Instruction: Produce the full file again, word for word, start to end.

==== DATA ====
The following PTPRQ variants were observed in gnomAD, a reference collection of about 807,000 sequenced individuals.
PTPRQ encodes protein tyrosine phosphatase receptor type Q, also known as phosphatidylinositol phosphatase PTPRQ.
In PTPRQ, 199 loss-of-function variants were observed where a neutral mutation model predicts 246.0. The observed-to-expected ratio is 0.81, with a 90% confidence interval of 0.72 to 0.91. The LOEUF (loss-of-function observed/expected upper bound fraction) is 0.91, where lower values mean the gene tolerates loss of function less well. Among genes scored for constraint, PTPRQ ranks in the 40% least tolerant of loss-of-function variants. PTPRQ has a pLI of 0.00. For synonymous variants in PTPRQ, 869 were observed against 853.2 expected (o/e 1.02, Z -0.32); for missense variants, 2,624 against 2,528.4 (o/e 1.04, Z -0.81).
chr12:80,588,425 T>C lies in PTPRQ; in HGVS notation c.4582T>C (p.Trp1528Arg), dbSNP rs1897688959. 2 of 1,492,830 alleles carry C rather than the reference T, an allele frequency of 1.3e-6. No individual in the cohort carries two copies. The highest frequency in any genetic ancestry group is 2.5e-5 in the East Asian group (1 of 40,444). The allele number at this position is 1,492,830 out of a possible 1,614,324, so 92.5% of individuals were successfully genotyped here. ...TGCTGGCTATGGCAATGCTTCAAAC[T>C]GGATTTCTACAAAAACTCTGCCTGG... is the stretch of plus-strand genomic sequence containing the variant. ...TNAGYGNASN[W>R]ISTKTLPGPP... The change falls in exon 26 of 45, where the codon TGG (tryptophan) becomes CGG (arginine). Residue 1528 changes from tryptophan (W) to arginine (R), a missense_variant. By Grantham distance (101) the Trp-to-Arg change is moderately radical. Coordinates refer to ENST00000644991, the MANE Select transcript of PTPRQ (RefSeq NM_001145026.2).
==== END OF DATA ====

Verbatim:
The following PTPRQ variants were observed in gnomAD, a reference collection of about 807,000 sequenced individuals.
PTPRQ encodes protein tyrosine phosphatase receptor type Q, also known as phosphatidylinositol phosphatase PTPRQ.
In PTPRQ, 199 loss-of-function variants were observed where a neutral mutation model predicts 246.0. The observed-to-expected ratio is 0.81, with a 90% confidence interval of 0.72 to 0.91. The LOEUF (loss-of-function observed/expected upper bound fraction) is 0.91, where lower values mean the gene tolerates loss of function less well. Among genes scored for constraint, PTPRQ ranks in the 40% least tolerant of loss-of-function variants. PTPRQ has a pLI of 0.00. For synonymous variants in PTPRQ, 869 were observed against 853.2 expected (o/e 1.02, Z -0.32); for missense variants, 2,624 against 2,528.4 (o/e 1.04, Z -0.81).
chr12:80,588,425 T>C lies in PTPRQ; in HGVS notation c.4582T>C (p.Trp1528Arg), dbSNP rs1897688959. 2 of 1,492,830 alleles carry C rather than the reference T, an allele frequency of 1.3e-6. No individual in the cohort carries two copies. The highest frequency in any genetic ancestry group is 2.5e-5 in the East Asian group (1 of 40,444). The allele number at this position is 1,492,830 out of a possible 1,614,324, so 92.5% of individuals were successfully genotyped here. ...TGCTGGCTATGGCAATGCTTCAAAC[T>C]GGATTTCTACAAAAACTCTGCCTGG... is the stretch of plus-strand genomic sequence containing the variant. ...TNAGYGNASN[W>R]ISTKTLPGPP... The change falls in exon 26 of 45, where the codon TGG (tryptophan) becomes CGG (arginine). Residue 1528 changes from tryptophan (W) to arginine (R), a missense_variant. By Grantham distance (101) the Trp-to-Arg change is moderately radical. Coordinates refer to ENST00000644991, the MANE Select transcript of PTPRQ (RefSeq NM_001145026.2).